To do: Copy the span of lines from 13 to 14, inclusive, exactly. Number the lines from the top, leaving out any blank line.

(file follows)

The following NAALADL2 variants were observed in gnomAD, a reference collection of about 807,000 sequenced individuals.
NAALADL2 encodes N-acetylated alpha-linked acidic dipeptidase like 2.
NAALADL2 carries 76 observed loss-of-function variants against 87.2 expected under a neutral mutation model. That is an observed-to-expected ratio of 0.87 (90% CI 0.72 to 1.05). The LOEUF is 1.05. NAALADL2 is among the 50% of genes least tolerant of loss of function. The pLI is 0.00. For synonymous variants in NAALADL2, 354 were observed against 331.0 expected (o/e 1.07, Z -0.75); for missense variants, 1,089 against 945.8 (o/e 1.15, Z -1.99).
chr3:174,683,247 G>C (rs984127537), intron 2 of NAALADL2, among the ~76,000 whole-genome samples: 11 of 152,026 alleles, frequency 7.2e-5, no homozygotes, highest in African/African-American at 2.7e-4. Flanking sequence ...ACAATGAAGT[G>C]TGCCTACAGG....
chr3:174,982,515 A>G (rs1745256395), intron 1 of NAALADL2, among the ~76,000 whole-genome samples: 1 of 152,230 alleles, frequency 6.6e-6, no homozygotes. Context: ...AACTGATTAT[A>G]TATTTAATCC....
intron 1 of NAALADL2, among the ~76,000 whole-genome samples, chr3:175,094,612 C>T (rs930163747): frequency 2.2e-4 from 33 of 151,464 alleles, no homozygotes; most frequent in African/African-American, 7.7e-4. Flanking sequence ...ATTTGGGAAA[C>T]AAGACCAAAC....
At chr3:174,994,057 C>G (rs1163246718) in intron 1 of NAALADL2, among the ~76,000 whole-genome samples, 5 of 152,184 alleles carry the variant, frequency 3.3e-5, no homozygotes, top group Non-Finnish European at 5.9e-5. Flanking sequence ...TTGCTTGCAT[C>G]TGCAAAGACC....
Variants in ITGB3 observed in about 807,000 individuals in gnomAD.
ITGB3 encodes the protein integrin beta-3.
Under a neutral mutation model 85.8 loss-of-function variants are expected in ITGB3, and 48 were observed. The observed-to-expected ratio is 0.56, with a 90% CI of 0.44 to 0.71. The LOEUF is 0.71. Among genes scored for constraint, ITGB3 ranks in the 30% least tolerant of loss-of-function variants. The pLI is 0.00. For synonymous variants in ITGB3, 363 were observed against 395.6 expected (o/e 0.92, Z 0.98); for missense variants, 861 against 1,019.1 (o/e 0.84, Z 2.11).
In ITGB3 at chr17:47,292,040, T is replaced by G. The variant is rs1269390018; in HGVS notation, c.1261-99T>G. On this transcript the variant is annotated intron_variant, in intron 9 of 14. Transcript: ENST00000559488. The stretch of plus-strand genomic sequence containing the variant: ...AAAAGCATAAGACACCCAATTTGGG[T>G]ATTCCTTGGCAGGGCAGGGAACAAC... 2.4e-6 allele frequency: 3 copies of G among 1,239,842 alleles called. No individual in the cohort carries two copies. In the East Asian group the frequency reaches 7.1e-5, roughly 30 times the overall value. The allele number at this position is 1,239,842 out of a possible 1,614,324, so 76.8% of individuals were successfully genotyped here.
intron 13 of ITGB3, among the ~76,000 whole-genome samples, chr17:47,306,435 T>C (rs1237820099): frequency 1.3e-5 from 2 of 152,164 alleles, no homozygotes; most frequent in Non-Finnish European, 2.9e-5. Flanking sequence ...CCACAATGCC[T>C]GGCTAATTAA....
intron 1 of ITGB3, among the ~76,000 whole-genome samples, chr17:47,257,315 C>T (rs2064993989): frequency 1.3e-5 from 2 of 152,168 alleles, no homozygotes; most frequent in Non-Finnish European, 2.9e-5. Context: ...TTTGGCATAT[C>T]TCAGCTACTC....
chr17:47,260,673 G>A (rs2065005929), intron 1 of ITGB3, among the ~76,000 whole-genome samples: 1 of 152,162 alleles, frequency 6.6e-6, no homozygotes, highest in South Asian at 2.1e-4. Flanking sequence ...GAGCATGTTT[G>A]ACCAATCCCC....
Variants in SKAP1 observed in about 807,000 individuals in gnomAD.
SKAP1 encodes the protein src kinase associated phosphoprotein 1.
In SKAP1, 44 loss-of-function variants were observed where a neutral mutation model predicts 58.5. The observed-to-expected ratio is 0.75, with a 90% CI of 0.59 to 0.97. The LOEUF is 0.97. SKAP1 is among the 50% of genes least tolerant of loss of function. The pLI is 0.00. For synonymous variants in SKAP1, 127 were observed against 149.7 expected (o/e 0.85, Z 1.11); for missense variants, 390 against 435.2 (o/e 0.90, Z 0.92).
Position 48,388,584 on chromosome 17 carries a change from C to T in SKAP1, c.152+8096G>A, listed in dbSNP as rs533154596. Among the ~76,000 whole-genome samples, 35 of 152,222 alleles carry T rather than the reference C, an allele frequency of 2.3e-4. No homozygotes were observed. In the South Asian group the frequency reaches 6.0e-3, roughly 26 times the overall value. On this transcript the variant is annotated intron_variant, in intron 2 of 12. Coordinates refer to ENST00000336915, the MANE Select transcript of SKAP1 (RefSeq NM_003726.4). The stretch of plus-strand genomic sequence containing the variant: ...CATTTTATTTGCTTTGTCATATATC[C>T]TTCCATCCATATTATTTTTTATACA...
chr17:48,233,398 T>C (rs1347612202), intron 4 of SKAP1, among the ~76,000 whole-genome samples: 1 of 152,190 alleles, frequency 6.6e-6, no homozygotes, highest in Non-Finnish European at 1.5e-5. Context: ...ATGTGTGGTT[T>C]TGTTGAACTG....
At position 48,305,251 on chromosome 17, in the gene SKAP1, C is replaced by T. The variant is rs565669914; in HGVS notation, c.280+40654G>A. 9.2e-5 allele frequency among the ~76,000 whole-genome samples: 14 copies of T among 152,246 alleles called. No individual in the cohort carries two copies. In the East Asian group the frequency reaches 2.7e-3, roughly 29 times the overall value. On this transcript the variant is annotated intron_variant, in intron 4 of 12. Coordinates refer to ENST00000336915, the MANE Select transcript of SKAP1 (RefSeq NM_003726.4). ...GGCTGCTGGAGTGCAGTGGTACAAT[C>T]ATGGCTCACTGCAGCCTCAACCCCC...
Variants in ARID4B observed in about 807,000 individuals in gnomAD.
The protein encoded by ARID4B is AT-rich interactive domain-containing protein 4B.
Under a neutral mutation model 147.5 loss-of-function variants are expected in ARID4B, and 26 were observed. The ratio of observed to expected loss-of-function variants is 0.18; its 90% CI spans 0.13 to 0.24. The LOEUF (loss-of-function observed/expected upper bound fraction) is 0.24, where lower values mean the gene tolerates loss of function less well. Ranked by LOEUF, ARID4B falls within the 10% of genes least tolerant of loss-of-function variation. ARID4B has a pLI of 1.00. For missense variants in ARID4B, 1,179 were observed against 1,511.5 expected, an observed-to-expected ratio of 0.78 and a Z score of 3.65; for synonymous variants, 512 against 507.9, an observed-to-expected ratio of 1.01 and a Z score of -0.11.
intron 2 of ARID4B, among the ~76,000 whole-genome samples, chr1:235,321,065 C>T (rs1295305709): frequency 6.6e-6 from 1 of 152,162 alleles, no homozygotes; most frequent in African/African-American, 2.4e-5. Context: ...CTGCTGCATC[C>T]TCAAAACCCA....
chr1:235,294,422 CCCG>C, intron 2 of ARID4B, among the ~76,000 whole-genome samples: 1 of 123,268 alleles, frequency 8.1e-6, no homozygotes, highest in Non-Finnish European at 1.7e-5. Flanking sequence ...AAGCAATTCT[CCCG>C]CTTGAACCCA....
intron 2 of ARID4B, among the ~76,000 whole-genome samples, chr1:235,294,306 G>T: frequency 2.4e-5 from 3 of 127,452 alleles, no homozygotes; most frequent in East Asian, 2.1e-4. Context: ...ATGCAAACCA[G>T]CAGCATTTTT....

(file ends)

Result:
intron 1 of ITGB3, among the ~76,000 whole-genome samples, chr17:47,257,315 C>T (rs2064993989): frequency 1.3e-5 from 2 of 152,168 alleles, no homozygotes; most frequent in Non-Finnish European, 2.9e-5. Context: ...TTTGGCATAT[C>T]TCAGCTACTC....
chr17:47,260,673 G>A (rs2065005929), intron 1 of ITGB3, among the ~76,000 whole-genome samples: 1 of 152,162 alleles, frequency 6.6e-6, no homozygotes, highest in South Asian at 2.1e-4. Flanking sequence ...GAGCATGTTT[G>A]ACCAATCCCC....